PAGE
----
- A fifth study (Weggemans R et al, 2004) found that:
- When comparisons were made for intake up to 2.5g per day, no differences in risk of CHD for R-TFA and IP-TFA were found, and
- At higher intakes, both intake of total TFA and intake of IP-TFA were found to be associated with increased risk of CHD, but there were insufficient data available on R-TFA
- A sixth study (Jakobsen M et al, 2006) found that the Danish diet contains a high amount of dairy products with a high content of fat leading to a high intake of R-TFA; e.g., the median intake of R-TFA among those 30-80 years of age was 1.8g per day (0.7% of energy intake) with 90% central range being form 0.8 to 3.4g per day (0.4-1.1% of energy intake)
- For 0.5% higher level of energy intake from R-TFA, the relative risk of CHD was 1.17 (95% CI 0.69-1.98)
- For IP-TFA, the relative risk was 1.05 (95% CI 0.94-1.17).
- Controlled metabolic studies of the effect of intake of total and specific R-TFA on CHD risk factors are warranted
- Epidemiological studies of intake of R-TFA and risk of CHD, assessing association for both absolute and energy-adjusted intake are warranted
- Danish population may be one of best populations to study the association between intake of R-TFA and risk of CHD assessing a potential threshold effect
- If further studies confirm that intake of R-TFA is innocuous or protective against CHD, changes in cow feed resulting in higher content of R-TFA along with lower content of saturated fatty acids in milk fat and meat, may contribute to a healthier diet.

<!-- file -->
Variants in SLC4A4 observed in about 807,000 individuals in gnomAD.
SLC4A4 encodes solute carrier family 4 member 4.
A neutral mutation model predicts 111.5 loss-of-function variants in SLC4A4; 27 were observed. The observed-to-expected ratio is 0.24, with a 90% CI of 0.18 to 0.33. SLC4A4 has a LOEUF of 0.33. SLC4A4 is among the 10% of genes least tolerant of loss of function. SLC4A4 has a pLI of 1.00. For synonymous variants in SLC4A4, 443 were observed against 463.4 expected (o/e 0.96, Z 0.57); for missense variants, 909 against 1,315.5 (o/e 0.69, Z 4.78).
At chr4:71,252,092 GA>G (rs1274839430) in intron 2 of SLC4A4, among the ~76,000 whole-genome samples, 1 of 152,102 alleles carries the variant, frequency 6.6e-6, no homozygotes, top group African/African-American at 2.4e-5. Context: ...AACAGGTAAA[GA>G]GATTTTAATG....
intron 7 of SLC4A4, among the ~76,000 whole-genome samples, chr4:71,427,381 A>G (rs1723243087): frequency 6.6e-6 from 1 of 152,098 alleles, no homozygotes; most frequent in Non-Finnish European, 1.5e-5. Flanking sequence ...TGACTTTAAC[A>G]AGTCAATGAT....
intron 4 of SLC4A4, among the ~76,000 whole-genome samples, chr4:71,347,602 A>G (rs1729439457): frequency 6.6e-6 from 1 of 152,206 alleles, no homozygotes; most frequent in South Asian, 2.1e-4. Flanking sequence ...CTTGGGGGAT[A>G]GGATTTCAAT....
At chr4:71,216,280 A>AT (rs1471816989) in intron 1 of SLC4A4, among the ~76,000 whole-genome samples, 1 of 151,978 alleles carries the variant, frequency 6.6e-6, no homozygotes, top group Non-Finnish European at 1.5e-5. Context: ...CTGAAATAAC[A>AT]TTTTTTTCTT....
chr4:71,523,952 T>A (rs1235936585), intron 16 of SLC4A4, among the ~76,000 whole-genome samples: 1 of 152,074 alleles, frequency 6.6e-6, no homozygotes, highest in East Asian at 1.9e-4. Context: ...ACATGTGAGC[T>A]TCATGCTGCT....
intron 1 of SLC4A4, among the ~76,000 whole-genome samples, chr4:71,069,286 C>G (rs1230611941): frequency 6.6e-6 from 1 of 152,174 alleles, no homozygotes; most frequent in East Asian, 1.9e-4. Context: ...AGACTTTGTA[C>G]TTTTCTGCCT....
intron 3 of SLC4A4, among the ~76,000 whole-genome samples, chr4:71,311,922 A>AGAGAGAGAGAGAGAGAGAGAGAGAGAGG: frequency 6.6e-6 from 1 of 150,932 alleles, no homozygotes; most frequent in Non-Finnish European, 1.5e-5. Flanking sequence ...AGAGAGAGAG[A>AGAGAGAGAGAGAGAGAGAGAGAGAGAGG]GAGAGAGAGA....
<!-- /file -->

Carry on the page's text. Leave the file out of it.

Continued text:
- Article selection methods not described
- Search terms used to locate articles not described
- Data in studies on intake of ruminant and industrially produced trans-fatty acids may have been based on self-reported dietary intake data which is subject to bias and errors
- Unknown how measured dependent or independent variables in studies examined.
Research Design and Implementation Criteria Checklist: Review Articles
|1.||Will the answer if true, have a direct bearing on the health of patients?|
|2.||Is the outcome or topic something that patients/clients/population groups would care about?|
|3.||Is the problem addressed in the review one that is relevant to nutrition or dietetics practice?|
|4.||Will the information, if true, require a change in practice?|
|1.||Was the question for the review clearly focused and appropriate?|
|2.||Was the search strategy used to locate relevant studies comprehensive? Were the databases searched and the search terms used described?|
|3.||Were explicit methods used to select studies to include in the review? Were inclusion/exclusion criteria specified and appropriate? Were selection methods unbiased?|
|4.||Was there an appraisal of the quality and validity of studies included in the review? Were appraisal methods specified, appropriate, and reproducible?|
|5.||Were specific treatments/interventions/exposures described? Were treatments similar enough to be combined?|
|6.||Was the outcome of interest clearly indicated? Were other potential harms and benefits considered?|
|7.||Were processes for data abstraction, synthesis, and analysis described? Were they applied consistently across studies and groups? Was there appropriate use of qualitative and/or quantitative synthesis? Was variation in findings among studies analyzed? Were heterogeneity issued considered? If data from studies were aggregated for meta-analysis, was the procedure described?|
|8.||Are the results clearly presented in narrative and/or quantitative terms? If summary statistics are used, are levels of significance and/or confidence intervals included?|
|9.||Are conclusions supported by results with biases and limitations taken into consideration? Are limitations of the review identified and discussed?|
|10.||Was bias due to the review’s funding or sponsorship unlikely?|